Delay in AA bill amendments
Peter Dutton: Showing no signs of early consideration of encryption bill amendments
The federal government is walking away from its own commitment to an early consideration of amendments to its controversial encryption legislation, according to Communications Alliance chief executive officer John Stanton.
Despite a seemingly straightforward assurance by the government’s Leader in the Senate Mathias Cormann on the day the Assistance and Access Bill passed on December 6, it is understood Home Affairs Minister Peter Dutton has kiboshed any plan to deal with amendments prior to a report from the powerful Parliamentary Joint Committee on Intelligence and Security (PJCIS).
The PJCIS report is expected in April, which effectively puts consideration of amendments to the legislation into the next Parliament, post-election.
In a farcical final parliamentary sitting of 2018, Labor had voted to pass the bill through the lower house with a promise to move further amendments in the Senate. But after government shut down the House of Reps for the year, the Opposition was left with the choice of passing either the bill unamended or leaving the legislation in Parliament over the summer break, opening itself to political attacks on national security grounds.
The Opposition passed the legislation – described by John Stanton as “half-baked” – and the industry now finds itself in an uphill fight for critical amendments.
The collective of industry groups formed last year to oppose the legislation – or at least improve its initial drafts – will start 2019 with a forum in Sydney on Wednesday to highlight the legislation’s dangers and shortcomings.
The group, which includes the Communications Alliance, the Australian Industry Group (AiG), the Australian Information Industry Association (AIIA), the Australian Mobile Telecommunications Association (AMTA), the Information Technology Professionals Association (ITPA) and the multinational digital platform lobby DIGI.
The group will use the forum to highlight its latest joint-submission to the PJCIS.
“Certainly we were disappointed with the way things played out on December 6 [the Parliament’s final sitting day for 2018],” Mr Stanton said.
“There was very little time to consider the government amendments that were distributed on the morning of that day. We certainly felt that they had been prepared with a degree of haste overnight, and almost inevitably there would be some weaknesses to them.”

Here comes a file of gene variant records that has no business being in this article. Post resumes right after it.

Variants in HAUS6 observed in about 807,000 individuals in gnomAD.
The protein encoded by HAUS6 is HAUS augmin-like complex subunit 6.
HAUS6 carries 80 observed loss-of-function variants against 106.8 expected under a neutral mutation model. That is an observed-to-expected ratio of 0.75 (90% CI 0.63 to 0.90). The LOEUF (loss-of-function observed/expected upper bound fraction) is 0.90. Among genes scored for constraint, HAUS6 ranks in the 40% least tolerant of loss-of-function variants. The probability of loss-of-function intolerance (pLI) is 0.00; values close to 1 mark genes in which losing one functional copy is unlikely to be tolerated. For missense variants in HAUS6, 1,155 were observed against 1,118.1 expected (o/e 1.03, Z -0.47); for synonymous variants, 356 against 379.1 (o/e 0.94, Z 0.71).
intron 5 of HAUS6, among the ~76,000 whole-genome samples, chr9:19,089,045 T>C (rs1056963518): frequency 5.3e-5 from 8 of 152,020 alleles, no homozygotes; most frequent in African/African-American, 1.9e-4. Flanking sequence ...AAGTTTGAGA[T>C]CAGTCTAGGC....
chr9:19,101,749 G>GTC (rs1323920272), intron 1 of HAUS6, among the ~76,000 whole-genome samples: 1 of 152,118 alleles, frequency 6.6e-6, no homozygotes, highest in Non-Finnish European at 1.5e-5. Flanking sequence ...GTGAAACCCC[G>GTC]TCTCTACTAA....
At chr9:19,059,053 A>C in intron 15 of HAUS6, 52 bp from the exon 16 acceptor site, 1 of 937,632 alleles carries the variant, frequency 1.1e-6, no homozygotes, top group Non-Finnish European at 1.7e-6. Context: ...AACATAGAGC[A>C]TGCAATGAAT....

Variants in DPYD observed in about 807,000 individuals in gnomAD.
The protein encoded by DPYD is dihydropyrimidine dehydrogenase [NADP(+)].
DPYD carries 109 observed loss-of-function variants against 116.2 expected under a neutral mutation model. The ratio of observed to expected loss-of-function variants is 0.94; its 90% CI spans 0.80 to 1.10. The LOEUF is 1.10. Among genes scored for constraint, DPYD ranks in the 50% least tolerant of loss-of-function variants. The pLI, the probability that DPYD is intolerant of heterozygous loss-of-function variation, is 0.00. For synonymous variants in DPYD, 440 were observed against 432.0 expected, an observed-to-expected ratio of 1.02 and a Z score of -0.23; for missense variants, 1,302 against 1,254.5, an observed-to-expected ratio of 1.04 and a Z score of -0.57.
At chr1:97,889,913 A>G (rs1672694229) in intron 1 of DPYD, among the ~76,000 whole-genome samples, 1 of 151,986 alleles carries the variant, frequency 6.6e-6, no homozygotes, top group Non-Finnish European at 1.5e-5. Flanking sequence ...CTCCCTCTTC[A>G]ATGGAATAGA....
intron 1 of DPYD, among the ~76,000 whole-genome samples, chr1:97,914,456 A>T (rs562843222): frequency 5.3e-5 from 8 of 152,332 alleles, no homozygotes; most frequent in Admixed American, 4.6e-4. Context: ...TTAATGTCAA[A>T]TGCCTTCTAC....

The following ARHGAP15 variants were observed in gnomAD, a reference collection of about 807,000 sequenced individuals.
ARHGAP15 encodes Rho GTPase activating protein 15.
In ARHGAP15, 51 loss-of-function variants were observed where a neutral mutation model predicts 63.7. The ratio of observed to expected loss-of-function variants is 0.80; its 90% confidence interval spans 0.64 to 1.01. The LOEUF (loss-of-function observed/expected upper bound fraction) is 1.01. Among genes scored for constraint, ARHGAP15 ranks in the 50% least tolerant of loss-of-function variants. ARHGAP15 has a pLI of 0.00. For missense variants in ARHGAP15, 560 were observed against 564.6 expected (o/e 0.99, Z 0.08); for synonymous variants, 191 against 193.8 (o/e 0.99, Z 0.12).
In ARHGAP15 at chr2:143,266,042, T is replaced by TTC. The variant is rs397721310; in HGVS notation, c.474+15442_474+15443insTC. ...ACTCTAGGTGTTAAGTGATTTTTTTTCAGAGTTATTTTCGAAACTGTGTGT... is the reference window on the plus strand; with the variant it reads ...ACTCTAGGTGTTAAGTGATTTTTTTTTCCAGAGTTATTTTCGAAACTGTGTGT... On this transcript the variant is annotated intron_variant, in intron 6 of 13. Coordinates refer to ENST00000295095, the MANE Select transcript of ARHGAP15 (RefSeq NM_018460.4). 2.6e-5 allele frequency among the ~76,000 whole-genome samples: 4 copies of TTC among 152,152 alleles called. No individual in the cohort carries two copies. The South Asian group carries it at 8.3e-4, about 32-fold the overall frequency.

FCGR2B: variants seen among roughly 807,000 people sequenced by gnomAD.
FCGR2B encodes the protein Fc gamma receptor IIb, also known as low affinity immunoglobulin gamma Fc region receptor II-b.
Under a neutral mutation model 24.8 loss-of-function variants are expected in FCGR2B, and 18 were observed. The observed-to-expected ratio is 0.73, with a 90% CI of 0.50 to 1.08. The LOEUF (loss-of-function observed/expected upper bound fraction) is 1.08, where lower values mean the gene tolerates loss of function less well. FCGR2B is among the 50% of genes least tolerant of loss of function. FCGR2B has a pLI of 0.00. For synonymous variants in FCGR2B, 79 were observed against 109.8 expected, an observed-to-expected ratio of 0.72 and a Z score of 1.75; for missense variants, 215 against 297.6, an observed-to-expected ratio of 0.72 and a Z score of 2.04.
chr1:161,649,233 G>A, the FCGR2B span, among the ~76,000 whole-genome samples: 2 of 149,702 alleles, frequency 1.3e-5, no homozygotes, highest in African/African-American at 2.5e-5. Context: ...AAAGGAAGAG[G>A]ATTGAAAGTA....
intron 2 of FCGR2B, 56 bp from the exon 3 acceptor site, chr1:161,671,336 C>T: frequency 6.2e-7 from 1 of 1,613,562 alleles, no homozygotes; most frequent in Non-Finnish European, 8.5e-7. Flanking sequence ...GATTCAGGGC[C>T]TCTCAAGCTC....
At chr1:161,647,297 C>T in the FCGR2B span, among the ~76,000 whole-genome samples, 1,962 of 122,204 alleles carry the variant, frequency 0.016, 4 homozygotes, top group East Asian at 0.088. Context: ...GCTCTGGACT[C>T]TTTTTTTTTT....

“We saw some potentially useful elements in the Labor amendments that were proposed and then withdrawn … so to have the bill go through in what we saw as a half-baked form was very disappointing,” he said.
Mr Stanton said the group had initially been encouraged by the commitment by Mathias Cormann to consider amendments to the legislation early in the new year.
“That [commitment] seems to be something that government is now walking away from fairly rapidly with spokespeople from the [Home Affairs] saying that they will think about it after the PJCIS report in April,” he said.
“So while there is ongoing concern that while there is an urgent need to try and improve the bill, we are not convinced that government is actually looking to facilitate that.”
The group has put forward a dozen or so proposals to improve the legislation, including the need for a warrant-based system to provide judicial consent for the issuing of notices by agencies to tech and telecommunications companies.
It has also sought clearly articulate and narrower limits to what security agencies could request, specifically to limit the risk of ‘backdoors’ being created that would put national cyber security at greater risk.
This week’s forum is part of a program of advocacy, but Mr Stanton remains concerned about the ability of the political system to deliver.
“in the current political environment, having any confidence about being able to influence any legislation in the parliament is pretty low,” Mr Stanton said.
“We have limited sitting days before the next election, so we have a degree of cynicism about how much can be achieved. But that’s not reason to go meekly,” he said.
“These are fundamental issues to the liberty and cybersecurity of Australians. And so there are a whole plethora of stakeholders who want to make that point, and to not let these issues be swept under the carpet.”
Peter Dutton's office did not respond to queries from InnovationAus.com on Monday.